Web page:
Perseus Home Page
Perseus now a greek hero, holding Medusa's head right after it was chopped off

(This myth below is one of the popular Greek myths. It is about a boy named Perseus who is on a quest to cut of the grogan Medusa's head)

The story of Perseus:

Perseus, the son of Zeus and Danaë, was a Greek Mythological hero. His grandfather Acrisuis, heard from an oracle that Perseus was going to kill him. This king sent Perseus and Perseus's mother away across the sea, locked in a large chest so he would not be killed. They washed up on shore one night of the island of Seriphos and rested there. Polydectes (the king of the island Seriphos) grew very fond of Danaë and loved her from the first he saw her. Though he liked Perseus's mother, he did not like Perseus himself. One day when Perseus was just a little boy, Polydectes sent him on the quest to cut of Gorgon Medusa's (a maiden with snakes as hair) head so he could be alone with Danaë. On the quest, Perseus went first to the Graeae sisters, who only had one eye which they shared together. Perseus took the eye and agreed if they helped him with his quest, they would get it back. They helped him get from the nymphs that lived in the high mountians, a pair of winged sandals, a satchel (wallet), and Hades's cap of invisability. The sandals let him fly, the satchel was to carry the Gorgon's head, and the cap gave him invisibility when he wore it. By his side the whole quest for protection was Athena and Hermes. Hermes had given Perseus a sword because he knew he was going to need it during the journey. Wearing the cap, Perseus approached Medusa. Looking only at her reflection in his shield, he cut off her head. Right after Medusa's death, a pegasus was sent down from Athena to give Perseus a ride back to Acrisuis's kingdom. On the way, Perseus saw down below near the sea, a beautiful maiden tied to chains. He flew down and found out the beautiful maiden (named Andromeda) was there as a sacrifice to the great sea monster. Perseus loved Andromeda and made an agreement with her father that if he killed the vicious sea monster, he would get her hand in marrige. He succeeded at that just like he succeeded in killing Medusa. When Perseus came back with the accomplishment of cutting of Medusa's head, and a new wife, Polydectes was persecuting his mother. Perseus took out the head of Medusa and with the heads' power, turned Polydectes to stone. The head of Medusa was then given to Athena for her to insert in her aegis. Perseus went back to the kingdom of Acrisius and finally fulfilled the prophecy by accidentally killing Acrisuis (his grandfather/king of Argos) while throwing a Discus.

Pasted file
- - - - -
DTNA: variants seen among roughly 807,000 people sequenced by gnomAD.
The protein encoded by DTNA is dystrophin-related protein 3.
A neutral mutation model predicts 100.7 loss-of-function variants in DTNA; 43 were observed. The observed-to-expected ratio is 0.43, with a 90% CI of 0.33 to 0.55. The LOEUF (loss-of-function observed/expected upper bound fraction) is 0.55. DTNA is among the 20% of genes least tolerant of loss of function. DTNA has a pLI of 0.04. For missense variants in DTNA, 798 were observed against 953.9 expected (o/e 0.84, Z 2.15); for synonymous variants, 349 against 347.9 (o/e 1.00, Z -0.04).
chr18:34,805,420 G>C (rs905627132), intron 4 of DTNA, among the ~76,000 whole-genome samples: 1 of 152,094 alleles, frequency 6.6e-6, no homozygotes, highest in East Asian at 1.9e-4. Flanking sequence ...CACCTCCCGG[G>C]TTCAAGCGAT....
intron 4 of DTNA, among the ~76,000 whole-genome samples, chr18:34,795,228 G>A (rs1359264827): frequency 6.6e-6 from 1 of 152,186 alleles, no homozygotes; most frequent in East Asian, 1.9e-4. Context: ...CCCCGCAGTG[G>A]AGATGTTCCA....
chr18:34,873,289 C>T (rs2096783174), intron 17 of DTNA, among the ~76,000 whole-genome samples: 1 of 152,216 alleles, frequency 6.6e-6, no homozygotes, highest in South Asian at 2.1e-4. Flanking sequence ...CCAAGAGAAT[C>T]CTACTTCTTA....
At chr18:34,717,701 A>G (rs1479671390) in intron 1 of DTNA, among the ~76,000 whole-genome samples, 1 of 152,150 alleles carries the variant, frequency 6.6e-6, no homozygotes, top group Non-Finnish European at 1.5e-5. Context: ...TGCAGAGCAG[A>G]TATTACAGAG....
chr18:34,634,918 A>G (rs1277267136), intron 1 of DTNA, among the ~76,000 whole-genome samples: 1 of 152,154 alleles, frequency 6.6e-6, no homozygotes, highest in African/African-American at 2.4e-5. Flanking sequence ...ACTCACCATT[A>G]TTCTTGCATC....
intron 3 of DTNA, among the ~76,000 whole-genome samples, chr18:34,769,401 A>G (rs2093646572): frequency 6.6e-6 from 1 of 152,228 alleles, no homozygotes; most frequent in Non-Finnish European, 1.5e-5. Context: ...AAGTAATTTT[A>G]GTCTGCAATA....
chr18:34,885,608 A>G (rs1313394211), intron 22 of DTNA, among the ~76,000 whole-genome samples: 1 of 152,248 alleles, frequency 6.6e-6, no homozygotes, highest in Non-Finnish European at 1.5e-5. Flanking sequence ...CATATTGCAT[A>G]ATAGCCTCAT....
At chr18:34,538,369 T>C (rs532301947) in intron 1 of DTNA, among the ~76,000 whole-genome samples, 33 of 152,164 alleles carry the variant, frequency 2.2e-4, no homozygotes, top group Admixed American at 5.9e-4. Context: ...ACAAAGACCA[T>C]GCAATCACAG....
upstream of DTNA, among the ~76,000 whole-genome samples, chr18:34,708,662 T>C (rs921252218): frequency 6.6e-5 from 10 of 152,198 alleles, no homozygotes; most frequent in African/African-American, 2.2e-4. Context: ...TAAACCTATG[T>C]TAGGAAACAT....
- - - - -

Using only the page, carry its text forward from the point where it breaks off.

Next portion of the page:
Greek Name: Perseus, or Perseos (Greek: Περσεύς, Περσέως)
Family Background: Father is Zeus, Mother is Danaë, Grandfather is Acrisuis or Argos, Father in Law is Cepheus, Mother in Law is Cassiopia and wife is Andromeda.
Symbols: Because of Perseus killing Medusa, He is mostly seen with the head of Medusa in his hands. (His constellation in the sky also)
Special Abilities: The ability to become invisable because of Hades cap of invisability and the ability to fly because of the flying sandals.

This is the constellation of Perseus holding Medusa's head

Facts about Perseus:

  • Perseus's parents are Zeus and Danaë.
  • He married a maiden named Andromeda
  • Together Andromeda and Perseus had 7 sons and 2 daughters. There names are Perses, Alcaeus, Heleus, Mestor, Sthenelus,
Electryon and Cynurus, and two daughters, Gorgophone and Autochthoe
  • Perseus has a constellation named after him.The constellation looks like Perseus holding Medusa's head.
  • Found Mycenae and the Perseid Dynasty
  • Perseus had NO brothers or sisters and was an only child.
  • At Perseus and Andromeda's wedding feast, Perseus had to turn Andromeda's uncle, Phineus, into stone.
  • Perseus was also in the Myth "Metomorphoses" where he turned Atlas into stone.

This is a video of the story of Perseus cutting off Medusa's head:

Watch Storyteller-Greek Myths - Perseus and the Gorgon in Educational  |  View More Free Videos Online at

Page Creater: Emily E --If you have any suggestions / comments, please write something in discussion or send me an email.... Email: rvste-ere